Supply Chain Management: Main Steps

Introduction

As organizations struggle to become more flexible and focus their attention on core proficiencies, they end up trimming down their channels of distribution and lowering their tenure of the sources of raw materials. These roles are getting delegated gradually to other entities which can carry out the functions more efficiently and cost effectively. As a result, there is an increase in the number of organizations whose common goal is to satisfy consumer demands by using very few logistic operations. Consequently, this has led to the emergence of supply chain management models.

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Supply chain management refers to the supervision of information, resources and finances as they move sequentially from the supplier to reach the consumer. It is a system of interrelated businesses which are involved in the integration and synchronization of both the supplier, the manufacturer, the wholesaler, the retailer and the consumer within a given company or among different companies. The most crucial goal of any supply chain management network is to minimize inventory under the perception that supplies are always reachable whenever they are required. Supply chain management networks can be classified into three major types of flows: the product flow, the information flow and the finances flow. In the product flow there is the movement of products from the supplier to the consumer. There is also the backward movement of products which are returned by the consumer. The information network consists of the transmission of orders and renewal of delivery statuses. Lastly, the financial network is a flow that consists of payment programs, credit terms, and title tenure and delivery provisions.

Supply chain management involves scheduling and managing all activities that are necessary for product acquisition, product transfer, procurement and logistic procedures. It also incorporates the critical elements of dexterity and teamwork with other partners in the channel. Some of these channel partners include suppliers, consumers and all the umpire service providers. Basically, supply chain management involves the incorporation of the supervision of demand and supply within and among corporations.

Thesis Statement

As aforementioned, supply chain management cuts across many functions in any organization. It involves the management of the flow of raw materials into a corporation, the processing of these raw materials into finished products and the flow of the finished products to the end customer. This paper seeks to analyze the logistic systems that are involved in the whole process, the drivers and facilitators of successful supply chain management, metrics and the role that customers play in developing supply chain metrics, some of the logistic problems which arise when supply and demand for a particular product are not aligned properly, the role of transportation in the supply chain, the primary capabilities, advantages and disadvantages of direct distributions, distribution centers (DC’s) and cross-docks and the steps involved in the process of logistics or supply chain network design.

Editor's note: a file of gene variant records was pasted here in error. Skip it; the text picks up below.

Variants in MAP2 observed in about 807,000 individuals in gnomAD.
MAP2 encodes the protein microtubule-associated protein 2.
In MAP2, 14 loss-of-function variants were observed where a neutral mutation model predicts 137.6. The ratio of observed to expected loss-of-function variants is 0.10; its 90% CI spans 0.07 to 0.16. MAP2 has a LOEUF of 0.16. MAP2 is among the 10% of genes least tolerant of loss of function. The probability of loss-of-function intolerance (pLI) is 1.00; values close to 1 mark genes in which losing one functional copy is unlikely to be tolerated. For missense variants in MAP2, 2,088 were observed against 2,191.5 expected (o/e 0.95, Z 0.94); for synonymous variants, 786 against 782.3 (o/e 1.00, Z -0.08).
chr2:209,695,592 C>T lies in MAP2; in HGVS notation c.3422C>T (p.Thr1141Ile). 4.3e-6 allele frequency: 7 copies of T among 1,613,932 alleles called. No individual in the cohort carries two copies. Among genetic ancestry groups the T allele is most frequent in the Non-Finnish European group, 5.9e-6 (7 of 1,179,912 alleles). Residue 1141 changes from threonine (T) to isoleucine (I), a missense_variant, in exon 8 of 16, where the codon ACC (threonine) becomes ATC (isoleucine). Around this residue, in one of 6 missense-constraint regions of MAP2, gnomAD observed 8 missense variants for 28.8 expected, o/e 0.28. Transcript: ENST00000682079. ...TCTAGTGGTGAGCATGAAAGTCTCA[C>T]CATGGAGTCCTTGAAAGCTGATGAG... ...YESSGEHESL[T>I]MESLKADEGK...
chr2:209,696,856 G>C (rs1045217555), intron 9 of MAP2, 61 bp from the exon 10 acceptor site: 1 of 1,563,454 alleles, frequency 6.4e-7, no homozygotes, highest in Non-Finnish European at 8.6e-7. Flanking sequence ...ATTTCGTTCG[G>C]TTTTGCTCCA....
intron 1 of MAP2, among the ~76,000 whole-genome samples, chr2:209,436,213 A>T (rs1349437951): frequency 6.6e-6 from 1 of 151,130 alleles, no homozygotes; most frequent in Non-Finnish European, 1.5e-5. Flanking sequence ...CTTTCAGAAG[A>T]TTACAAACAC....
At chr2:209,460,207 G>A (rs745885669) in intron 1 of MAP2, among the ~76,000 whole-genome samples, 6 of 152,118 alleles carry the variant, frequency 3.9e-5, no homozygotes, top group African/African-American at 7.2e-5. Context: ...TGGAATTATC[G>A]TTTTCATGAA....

Vital managerial activities in logistic systems

Logistics can be defined as the activity of planning, executing and organizing cost-effective and efficient movement and storage of raw materials, materials that are at the processing stage and the finished ones1. It also involves the linking of information from the original point to the terminal point so as to meet the needs of the consumer. It is a process which is responsible for a controlled flow and storage of goods while they pass through the chain of supply. Organizations may at times incorporate sales projection, production planning, intermediary operations and management of customer services among other activities in the logistics. Some of the managerial activities that are usually included in logistic systems include procurement/ purchasing, warehousing management, transportation management, inventory management and demand management.

Procurement/ Purchasing

The movement of supplies through any firm is always instigated when the procurement department issues a given supplier with an order of purchase. Therefore, it is the work of the procurement section to search for appropriate suppliers of the required materials, negotiate with them for favorable terms, and arrange for the delivery of the goods and for imbursement and insurance of the materials.